HOUSTON (Reuters) - More than 10,000 law enforcement officers from across the United States attended the Houston funeral of Harris County Deputy Darren Goforth on Friday, remembering him as good-natured man who brought dignity to the profession.
Goforth, 47, was fatally shot on Aug. 28 as he fueled a patrol car at a Houston-area gas station. His flag-draped coffin was attended by an honor guard as Texas Governor Greg Abbott asked residents to use the funeral to honor those who protect the peace.
Harris County Sheriff Ron Hickman said officers responding to calls for help will be doing so in Goforth's honor.
"The loss of an officer ripples throughout the community that we serve for without them, we are without a guardian of the peace that we so frequently take for granted," Hickman said at the funeral. "Darren Goforth was one of the good guys, one that made a difference."
Goforth was honored with a 21-gun salute as hundreds of patrol cars lined roads to the service at Second Baptist Church.
About a week before his death, Goforth bought matching Captain America shirts for himself and his son. Goforth was to be buried wearing the T-shirt under his uniform, while his young son wore the shirt to the funeral. The deputy is also survived by a wife and daughter.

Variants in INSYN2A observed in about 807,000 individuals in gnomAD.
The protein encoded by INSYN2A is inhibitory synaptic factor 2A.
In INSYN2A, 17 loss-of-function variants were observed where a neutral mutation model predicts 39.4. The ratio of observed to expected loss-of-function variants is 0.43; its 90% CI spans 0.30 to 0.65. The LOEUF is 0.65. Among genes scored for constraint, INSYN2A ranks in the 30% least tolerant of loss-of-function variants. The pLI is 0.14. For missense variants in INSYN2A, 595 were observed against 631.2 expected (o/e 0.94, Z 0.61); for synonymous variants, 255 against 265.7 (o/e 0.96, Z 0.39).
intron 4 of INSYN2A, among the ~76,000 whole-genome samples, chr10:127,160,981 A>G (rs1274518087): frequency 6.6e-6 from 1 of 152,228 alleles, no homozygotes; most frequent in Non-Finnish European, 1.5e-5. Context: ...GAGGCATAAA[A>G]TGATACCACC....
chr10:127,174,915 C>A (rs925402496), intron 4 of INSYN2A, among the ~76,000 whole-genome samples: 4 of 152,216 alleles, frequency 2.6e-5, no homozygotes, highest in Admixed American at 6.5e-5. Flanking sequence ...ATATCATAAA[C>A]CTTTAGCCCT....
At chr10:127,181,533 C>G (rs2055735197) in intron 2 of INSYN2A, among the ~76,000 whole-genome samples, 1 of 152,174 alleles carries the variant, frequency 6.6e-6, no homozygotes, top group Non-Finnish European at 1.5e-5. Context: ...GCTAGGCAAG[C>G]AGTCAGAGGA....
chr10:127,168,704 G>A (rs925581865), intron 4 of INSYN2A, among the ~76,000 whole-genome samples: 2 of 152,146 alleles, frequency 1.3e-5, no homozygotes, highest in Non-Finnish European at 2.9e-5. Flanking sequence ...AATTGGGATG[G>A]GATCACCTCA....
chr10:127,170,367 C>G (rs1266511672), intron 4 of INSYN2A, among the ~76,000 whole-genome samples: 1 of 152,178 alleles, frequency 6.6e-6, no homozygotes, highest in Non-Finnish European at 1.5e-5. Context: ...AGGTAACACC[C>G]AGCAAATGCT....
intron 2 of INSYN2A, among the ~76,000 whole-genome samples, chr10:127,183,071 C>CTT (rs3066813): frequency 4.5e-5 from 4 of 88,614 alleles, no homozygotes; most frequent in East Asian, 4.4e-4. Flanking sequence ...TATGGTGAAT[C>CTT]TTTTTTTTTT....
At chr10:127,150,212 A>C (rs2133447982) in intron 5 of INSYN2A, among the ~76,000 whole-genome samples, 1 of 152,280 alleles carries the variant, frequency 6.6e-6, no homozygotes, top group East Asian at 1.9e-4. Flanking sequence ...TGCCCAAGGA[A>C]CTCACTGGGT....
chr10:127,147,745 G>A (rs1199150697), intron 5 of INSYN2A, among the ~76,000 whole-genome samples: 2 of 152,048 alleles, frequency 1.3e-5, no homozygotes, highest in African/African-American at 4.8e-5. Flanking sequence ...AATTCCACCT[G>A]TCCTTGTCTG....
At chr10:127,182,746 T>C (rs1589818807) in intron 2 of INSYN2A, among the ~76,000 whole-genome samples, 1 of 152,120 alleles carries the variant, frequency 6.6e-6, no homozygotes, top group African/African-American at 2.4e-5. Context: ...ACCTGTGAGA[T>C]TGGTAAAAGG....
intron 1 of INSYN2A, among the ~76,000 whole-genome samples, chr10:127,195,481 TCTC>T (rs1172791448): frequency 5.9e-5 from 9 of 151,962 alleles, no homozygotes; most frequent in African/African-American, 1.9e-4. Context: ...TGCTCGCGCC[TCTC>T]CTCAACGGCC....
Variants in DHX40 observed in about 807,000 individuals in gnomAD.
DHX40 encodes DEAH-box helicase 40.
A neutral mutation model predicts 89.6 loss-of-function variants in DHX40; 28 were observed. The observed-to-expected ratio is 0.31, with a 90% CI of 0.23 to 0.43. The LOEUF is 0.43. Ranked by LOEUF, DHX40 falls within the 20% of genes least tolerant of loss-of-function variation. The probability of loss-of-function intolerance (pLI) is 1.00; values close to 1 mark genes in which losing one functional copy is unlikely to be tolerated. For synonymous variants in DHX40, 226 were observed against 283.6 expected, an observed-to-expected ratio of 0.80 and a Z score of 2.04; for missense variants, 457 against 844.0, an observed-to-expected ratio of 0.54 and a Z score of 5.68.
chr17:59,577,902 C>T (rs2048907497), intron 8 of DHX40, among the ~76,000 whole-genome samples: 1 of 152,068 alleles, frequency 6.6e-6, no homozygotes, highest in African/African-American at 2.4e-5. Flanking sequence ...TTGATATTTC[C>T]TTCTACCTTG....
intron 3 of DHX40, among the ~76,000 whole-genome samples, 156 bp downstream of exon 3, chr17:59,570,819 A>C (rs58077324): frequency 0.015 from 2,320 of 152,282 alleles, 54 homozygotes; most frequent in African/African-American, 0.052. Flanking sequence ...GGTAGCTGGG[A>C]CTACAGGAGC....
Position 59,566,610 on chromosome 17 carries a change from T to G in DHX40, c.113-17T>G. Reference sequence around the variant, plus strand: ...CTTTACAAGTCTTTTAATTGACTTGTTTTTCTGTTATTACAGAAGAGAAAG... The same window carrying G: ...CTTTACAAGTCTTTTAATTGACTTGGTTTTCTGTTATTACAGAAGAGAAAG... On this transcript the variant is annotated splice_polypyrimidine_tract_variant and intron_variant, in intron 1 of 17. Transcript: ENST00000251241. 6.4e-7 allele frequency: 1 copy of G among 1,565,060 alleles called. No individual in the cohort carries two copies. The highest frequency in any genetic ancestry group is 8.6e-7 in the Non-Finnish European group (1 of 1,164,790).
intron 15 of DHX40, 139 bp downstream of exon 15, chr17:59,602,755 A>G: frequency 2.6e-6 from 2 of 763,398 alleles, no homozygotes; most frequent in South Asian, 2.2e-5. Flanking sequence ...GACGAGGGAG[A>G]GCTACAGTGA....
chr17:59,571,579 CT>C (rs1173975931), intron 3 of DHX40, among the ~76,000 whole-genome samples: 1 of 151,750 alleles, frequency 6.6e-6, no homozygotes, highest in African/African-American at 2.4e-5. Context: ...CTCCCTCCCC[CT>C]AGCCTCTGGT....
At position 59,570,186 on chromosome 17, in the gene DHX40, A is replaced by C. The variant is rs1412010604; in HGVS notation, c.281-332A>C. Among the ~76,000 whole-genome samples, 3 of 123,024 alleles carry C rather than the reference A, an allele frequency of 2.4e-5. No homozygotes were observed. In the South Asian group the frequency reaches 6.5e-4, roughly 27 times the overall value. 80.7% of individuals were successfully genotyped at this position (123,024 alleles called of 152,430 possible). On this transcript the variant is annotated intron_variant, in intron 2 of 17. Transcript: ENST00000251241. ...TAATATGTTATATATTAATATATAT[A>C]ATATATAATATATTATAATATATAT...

A friend since childhood, Roland De Los Santos, who is a Houston police officer, said Goforth was a genuine man who loved to laugh.
Law enforcement officers across the state turned on their vehicle's red and blue lights for a minute at the start of the funeral.
Shannon Miles, 30, has been charged with capital murder, which can bring the death penalty. He is accused of emptying a 15-round handgun into Goforth's back and head in an ambush-style attack.
Sheriff Hickman has previously linked the shooting to anti-police rhetoric that has been used in recent "Black Lives Matter" protests against the killing of unarmed black men by white officers. Goforth was white and the suspect is black.
Almost all of the "Black Lives Matter" rallies have been peaceful, but police have been killed by suspects who said they were out for revenge for the treatment of African-Americans.
“I’m here to not only support the officer who was killed but all of the officers who are here today,” area resident Maria Rodriguez said. “People are talking about black and white and it’s about a life.”
Reporting by Dennis Spellman; Writing by Jon Herskovitz; Editing by G Crosse and Eric Beech